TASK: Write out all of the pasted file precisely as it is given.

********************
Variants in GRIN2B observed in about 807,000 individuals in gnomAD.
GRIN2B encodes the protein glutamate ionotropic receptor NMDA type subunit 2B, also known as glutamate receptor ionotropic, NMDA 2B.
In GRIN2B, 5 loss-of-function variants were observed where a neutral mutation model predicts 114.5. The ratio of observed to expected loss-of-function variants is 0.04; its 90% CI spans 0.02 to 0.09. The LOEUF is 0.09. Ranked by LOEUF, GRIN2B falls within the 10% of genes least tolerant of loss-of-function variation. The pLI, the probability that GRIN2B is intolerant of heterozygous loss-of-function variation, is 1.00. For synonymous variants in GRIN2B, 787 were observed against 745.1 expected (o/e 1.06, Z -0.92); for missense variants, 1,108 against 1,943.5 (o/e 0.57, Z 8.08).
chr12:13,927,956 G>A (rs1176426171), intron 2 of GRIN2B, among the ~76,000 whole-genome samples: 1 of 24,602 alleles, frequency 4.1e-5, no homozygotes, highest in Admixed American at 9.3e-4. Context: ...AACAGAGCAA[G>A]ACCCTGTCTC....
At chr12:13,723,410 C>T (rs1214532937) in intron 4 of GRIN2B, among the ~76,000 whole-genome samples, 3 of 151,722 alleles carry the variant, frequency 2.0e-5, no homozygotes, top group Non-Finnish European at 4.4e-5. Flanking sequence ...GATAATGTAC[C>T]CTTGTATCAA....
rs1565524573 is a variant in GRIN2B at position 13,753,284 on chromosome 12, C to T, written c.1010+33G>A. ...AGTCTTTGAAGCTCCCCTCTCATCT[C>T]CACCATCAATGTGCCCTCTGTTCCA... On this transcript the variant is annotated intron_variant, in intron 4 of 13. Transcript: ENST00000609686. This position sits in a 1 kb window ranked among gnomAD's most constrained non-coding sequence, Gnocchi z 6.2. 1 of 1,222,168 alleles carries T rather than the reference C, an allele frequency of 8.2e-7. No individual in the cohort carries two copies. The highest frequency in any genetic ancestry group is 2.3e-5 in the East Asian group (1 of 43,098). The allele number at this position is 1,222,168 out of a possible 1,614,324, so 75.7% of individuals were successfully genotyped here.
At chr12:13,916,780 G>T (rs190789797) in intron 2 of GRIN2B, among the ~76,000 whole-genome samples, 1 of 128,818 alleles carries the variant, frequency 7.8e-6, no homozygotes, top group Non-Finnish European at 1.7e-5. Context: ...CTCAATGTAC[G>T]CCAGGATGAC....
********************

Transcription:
Variants in GRIN2B observed in about 807,000 individuals in gnomAD.
GRIN2B encodes the protein glutamate ionotropic receptor NMDA type subunit 2B, also known as glutamate receptor ionotropic, NMDA 2B.
In GRIN2B, 5 loss-of-function variants were observed where a neutral mutation model predicts 114.5. The ratio of observed to expected loss-of-function variants is 0.04; its 90% CI spans 0.02 to 0.09. The LOEUF is 0.09. Ranked by LOEUF, GRIN2B falls within the 10% of genes least tolerant of loss-of-function variation. The pLI, the probability that GRIN2B is intolerant of heterozygous loss-of-function variation, is 1.00. For synonymous variants in GRIN2B, 787 were observed against 745.1 expected (o/e 1.06, Z -0.92); for missense variants, 1,108 against 1,943.5 (o/e 0.57, Z 8.08).
chr12:13,927,956 G>A (rs1176426171), intron 2 of GRIN2B, among the ~76,000 whole-genome samples: 1 of 24,602 alleles, frequency 4.1e-5, no homozygotes, highest in Admixed American at 9.3e-4. Context: ...AACAGAGCAA[G>A]ACCCTGTCTC....
At chr12:13,723,410 C>T (rs1214532937) in intron 4 of GRIN2B, among the ~76,000 whole-genome samples, 3 of 151,722 alleles carry the variant, frequency 2.0e-5, no homozygotes, top group Non-Finnish European at 4.4e-5. Flanking sequence ...GATAATGTAC[C>T]CTTGTATCAA....
rs1565524573 is a variant in GRIN2B at position 13,753,284 on chromosome 12, C to T, written c.1010+33G>A. ...AGTCTTTGAAGCTCCCCTCTCATCT[C>T]CACCATCAATGTGCCCTCTGTTCCA... On this transcript the variant is annotated intron_variant, in intron 4 of 13. Transcript: ENST00000609686. This position sits in a 1 kb window ranked among gnomAD's most constrained non-coding sequence, Gnocchi z 6.2. 1 of 1,222,168 alleles carries T rather than the reference C, an allele frequency of 8.2e-7. No individual in the cohort carries two copies. The highest frequency in any genetic ancestry group is 2.3e-5 in the East Asian group (1 of 43,098). The allele number at this position is 1,222,168 out of a possible 1,614,324, so 75.7% of individuals were successfully genotyped here.
At chr12:13,916,780 G>T (rs190789797) in intron 2 of GRIN2B, among the ~76,000 whole-genome samples, 1 of 128,818 alleles carries the variant, frequency 7.8e-6, no homozygotes, top group Non-Finnish European at 1.7e-5. Context: ...CTCAATGTAC[G>T]CCAGGATGAC....